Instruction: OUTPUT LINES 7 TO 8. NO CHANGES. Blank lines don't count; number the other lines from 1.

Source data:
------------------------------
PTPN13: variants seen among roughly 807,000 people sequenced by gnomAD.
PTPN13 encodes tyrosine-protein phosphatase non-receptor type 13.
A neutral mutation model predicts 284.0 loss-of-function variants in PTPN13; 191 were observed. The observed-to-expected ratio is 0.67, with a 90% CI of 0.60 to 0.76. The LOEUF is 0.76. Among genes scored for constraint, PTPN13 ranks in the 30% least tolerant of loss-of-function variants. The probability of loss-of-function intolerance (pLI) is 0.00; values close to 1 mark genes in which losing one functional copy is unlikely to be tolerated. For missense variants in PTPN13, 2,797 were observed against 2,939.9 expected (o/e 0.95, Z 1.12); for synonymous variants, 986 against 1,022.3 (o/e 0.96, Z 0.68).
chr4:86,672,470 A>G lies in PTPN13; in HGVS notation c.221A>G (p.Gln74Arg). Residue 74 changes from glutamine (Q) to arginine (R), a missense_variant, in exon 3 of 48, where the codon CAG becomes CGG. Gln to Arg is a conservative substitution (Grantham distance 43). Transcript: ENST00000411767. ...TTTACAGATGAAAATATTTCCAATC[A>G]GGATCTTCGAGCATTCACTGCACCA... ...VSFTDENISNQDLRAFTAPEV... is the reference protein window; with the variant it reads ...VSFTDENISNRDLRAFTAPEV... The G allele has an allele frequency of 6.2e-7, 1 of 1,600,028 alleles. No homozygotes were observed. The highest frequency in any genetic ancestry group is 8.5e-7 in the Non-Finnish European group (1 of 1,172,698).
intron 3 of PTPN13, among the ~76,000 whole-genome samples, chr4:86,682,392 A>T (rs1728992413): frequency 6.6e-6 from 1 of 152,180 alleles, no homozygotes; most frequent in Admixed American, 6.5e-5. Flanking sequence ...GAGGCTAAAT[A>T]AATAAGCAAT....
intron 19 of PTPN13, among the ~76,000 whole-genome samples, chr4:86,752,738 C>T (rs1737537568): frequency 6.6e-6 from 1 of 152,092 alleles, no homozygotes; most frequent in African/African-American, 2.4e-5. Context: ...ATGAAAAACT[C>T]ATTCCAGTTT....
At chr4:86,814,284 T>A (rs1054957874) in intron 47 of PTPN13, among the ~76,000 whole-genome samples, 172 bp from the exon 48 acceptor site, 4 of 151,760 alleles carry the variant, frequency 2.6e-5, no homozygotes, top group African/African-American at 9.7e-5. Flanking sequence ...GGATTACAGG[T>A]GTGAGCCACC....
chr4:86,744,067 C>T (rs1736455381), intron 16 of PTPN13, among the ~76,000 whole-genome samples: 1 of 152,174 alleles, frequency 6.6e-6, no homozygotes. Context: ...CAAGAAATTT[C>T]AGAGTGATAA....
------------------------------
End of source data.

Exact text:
At chr4:86,814,284 T>A (rs1054957874) in intron 47 of PTPN13, among the ~76,000 whole-genome samples, 172 bp from the exon 48 acceptor site, 4 of 151,760 alleles carry the variant, frequency 2.6e-5, no homozygotes, top group African/African-American at 9.7e-5. Flanking sequence ...GGATTACAGG[T>A]GTGAGCCACC....
chr4:86,744,067 C>T (rs1736455381), intron 16 of PTPN13, among the ~76,000 whole-genome samples: 1 of 152,174 alleles, frequency 6.6e-6, no homozygotes. Context: ...CAAGAAATTT[C>T]AGAGTGATAA....